Saturday, August 2

Me Time

Digging through my draft posts I came across one I was half way through way back in 2006. I had just visited the London Motor Show on my own, and was going to write about how I had begun to appreciate my exclusive company. The Motor Show was one of many activities I had been going alone to, from films and talks to museums and galleries. I was going to say how liberating and fulfilling it all was and how everyone should try it.

For some reason I never got to finish that post - luckily (and sometimes not so luckily) I've had the pleasure of company in most of my leisurely pursuits since that time. Although it would be terrible to complain about something that, I have recently wanted to start doing things on my own again, especially after what seems like a recent stint of heavy communal partying, socialising and general hanging out.

And so I made a point of watching today's film on my own; although I did invite others to join (documentaries aren't popular on a sunny Saturday afternoon it seems) I didn't push any of them to actually come.

I had forgotten how valuable spending time dossing out and about on your own actually is. It was nice being left to my own devices and thoughts, and made it clear how sometimes you forget who you really are as you become accustomed to defining yourself by bouncing off those around you.

So just like I was going to write two years ago, here are some good reasons why it's healthy to proactively try to do fun things on your own:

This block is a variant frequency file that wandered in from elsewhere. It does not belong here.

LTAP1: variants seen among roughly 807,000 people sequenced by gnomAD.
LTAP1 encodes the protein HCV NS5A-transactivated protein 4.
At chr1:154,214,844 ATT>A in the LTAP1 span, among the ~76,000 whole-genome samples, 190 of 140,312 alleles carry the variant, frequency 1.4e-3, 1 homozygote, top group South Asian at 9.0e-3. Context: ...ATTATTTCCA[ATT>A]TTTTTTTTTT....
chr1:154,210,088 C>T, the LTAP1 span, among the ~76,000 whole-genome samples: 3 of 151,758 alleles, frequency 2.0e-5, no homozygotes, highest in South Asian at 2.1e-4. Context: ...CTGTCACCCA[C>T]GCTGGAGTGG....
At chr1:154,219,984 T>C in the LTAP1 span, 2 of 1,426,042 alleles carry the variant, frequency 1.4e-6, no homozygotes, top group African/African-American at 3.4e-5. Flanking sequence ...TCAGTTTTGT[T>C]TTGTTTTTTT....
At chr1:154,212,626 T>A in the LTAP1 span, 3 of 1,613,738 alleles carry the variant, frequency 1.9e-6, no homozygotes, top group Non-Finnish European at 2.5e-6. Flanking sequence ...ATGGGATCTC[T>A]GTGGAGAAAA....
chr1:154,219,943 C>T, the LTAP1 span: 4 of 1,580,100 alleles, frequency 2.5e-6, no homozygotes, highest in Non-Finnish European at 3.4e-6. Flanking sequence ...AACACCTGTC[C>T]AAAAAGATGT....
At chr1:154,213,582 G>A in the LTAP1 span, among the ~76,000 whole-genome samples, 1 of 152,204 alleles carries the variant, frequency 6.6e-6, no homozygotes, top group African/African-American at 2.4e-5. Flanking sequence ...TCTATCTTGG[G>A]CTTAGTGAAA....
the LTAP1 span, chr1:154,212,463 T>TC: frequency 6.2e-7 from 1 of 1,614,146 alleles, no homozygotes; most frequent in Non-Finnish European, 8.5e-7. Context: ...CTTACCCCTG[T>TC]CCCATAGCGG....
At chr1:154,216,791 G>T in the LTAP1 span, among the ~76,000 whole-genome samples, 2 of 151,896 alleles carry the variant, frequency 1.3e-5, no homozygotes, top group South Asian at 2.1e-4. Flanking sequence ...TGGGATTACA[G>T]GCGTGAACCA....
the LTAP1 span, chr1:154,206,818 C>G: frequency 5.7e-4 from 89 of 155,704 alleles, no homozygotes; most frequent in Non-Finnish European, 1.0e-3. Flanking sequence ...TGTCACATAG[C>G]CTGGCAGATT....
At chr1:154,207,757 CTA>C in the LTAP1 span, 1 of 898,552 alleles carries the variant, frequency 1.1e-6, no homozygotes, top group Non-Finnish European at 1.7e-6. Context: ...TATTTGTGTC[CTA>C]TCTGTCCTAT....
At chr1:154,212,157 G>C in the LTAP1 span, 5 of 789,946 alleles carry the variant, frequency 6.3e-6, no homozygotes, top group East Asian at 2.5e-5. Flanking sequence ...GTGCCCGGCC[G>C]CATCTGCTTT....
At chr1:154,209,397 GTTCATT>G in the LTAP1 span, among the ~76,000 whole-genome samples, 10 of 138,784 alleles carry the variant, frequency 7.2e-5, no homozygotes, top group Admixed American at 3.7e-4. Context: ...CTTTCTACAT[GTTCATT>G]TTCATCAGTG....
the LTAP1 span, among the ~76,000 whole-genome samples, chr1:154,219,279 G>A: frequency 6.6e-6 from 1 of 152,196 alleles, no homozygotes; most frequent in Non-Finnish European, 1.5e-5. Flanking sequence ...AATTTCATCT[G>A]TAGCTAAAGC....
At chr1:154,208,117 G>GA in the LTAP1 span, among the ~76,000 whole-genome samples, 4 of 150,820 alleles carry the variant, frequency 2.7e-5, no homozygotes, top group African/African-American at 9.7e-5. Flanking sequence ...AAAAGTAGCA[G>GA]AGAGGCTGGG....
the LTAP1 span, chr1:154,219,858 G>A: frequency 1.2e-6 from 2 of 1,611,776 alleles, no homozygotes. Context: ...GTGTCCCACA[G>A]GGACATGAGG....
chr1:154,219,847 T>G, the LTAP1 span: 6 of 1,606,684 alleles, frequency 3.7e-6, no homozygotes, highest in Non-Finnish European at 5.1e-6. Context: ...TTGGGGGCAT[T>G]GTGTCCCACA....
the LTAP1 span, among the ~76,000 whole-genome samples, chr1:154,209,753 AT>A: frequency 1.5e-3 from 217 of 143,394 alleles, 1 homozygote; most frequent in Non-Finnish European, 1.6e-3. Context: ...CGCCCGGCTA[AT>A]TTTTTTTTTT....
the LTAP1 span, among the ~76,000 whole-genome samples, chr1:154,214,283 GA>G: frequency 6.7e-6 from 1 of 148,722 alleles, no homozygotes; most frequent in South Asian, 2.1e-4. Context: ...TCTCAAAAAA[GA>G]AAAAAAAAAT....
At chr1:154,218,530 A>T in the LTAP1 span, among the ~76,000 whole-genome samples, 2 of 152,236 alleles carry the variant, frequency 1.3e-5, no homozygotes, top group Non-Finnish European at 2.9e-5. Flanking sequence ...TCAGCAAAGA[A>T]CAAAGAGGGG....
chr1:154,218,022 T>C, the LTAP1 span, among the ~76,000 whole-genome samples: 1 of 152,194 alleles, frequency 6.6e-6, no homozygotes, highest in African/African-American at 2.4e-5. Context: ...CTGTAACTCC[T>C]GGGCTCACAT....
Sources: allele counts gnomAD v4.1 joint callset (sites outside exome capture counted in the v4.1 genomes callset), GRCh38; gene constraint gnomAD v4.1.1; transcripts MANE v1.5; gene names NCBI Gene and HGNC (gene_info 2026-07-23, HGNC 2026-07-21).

1. You may miss out on good things while waiting for others to join you.
  2. There may be a time when you don't have a choice and have to do things on your own, and so it's a good idea to become comfortable with yourself now.
  3. You may find yourself alone in a room full of people, reluctant to have yourself defined by those around you. It's good to know how to bring the person you want out in these situations.
  4. It's helpful to really know yourself and who you are, and this is sometimes difficult to do in the exclusive company of others.
  5. It's nice to be able to exist when no one else is around to appreciate you.
Nevertheless it (hopefully) goes without saying that I do absolutely enjoy the company of others, and definitely more so than when being alone - there's nothing like sharing a brilliant experience with friends, family and even otherwise. In fact it's telling how today's film had been suffixed by two parties (I crashed the second if you're wondering just exactly how popular I am) both of which were awesome purely because of the company present.

Still, I was glad to have some time on my own too - after all who wants to exist solely in the company of other people? Apart from during one specific situation (no prizes for guessing which), I don't think I do.


  1. There is nothing wrong with watching movies alone. However, hypothetically speaking :-), the idea, of seeing a lonely man watching a teen-cheerleader-romantic-comedy in a theater alone, is a bit disturbing.

    All this alone-time talk reminded me of Christopher McCandles who basically lived alone for 3 years. He travelled to Alaska without any proper gear to live in the wilderness alone.

  2. zany,

    The mac gave me away, didn't it?

  3. Nope, it was your red laser glasses :P.